International Seafood Sustainability Foundation

Tuna is one of the most popular seafood choices in the world, whether it is raw sushi tuna, canned tuna or wild freshly caught tuna.  As its popularity rises and more people consume tuna an increased pressure is put on the health and stability of wild tuna stocks.    In order to ensure that we will enjoy this wonderful fish for generations to come we must change our harvesting techniques and increase the practice of using sustainable fishing techniques.  The ISSF or International Seafood Sustainability Foundation is an organization that focuses on promoting conservation, sustainability and ecosystem health in the global tuna fishing industry.  It has a wide range of members including environmental groups, scientists, commercial fishing groups and other stakeholders who have a goal of encouraging the sustainable harvesting of tuna.  This diverse and varied group of stakeholders which includes commercial corporations and fishing fleets has led to some criticism about impartiality and heel dragging on major initiatives.  However others commend the diversity as change can be more effective when there is consensus among all stakeholders.

One of the main goals of the ISSF is to work with fisheries management organizations in specific regions and provide science based recommendations that encourage sustainable fishing methods and ecosystem health.  The ISSF also works with different countries to help battle and monitor unlicensed and illegal fishing.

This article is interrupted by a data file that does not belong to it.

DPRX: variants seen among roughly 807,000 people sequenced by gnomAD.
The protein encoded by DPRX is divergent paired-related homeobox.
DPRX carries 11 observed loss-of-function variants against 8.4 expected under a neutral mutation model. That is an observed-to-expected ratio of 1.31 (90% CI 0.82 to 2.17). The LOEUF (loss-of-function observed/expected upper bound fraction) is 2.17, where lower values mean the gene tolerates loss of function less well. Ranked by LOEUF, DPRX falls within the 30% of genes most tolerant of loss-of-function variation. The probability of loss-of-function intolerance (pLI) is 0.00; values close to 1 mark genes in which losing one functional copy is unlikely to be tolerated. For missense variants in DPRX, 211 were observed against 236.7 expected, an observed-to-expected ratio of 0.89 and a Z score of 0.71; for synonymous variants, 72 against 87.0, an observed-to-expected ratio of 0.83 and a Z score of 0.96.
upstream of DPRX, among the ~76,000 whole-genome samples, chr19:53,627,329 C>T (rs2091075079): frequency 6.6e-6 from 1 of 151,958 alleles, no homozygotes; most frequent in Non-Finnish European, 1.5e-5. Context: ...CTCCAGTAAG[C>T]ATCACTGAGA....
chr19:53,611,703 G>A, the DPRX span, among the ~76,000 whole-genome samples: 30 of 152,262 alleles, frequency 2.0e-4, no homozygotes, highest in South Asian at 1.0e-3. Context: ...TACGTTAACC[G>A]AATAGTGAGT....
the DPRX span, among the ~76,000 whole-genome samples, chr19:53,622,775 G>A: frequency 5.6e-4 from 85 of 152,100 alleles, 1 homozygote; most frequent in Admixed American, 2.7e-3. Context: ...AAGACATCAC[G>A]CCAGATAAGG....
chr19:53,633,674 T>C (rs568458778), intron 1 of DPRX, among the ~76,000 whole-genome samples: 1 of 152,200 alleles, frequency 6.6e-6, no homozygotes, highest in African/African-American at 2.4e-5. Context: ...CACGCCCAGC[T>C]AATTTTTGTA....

The view of the ISSF is that our current tuna fishing techniques are unsustainable and ecologically damaging.  By using facts and scientific analysis sustainable tuna fishing practices and techniques can be found and promoted.  They work with all stakeholders in order to promote solutions and to induce governments and fishing companies to support their ideas for long term sustainable harvesting.  The key principles of the ISSF are:

  • To work with fisheries management organizations to conserve marine ecosystems and the tuna species
  • Achieve maximum sustainable yields of specifically targeted tuna
  • Eliminate illegal tuna fishing practices
  • Reduce bycatch
  • Share data and work to better understand tuna stocks

As consumers of canned tuna we do hope that many of these methods will be successful and sustainable tuna fishing becomes widely practiced.

The International Seafood Sustainability Foundation has a website that has more information on the organization at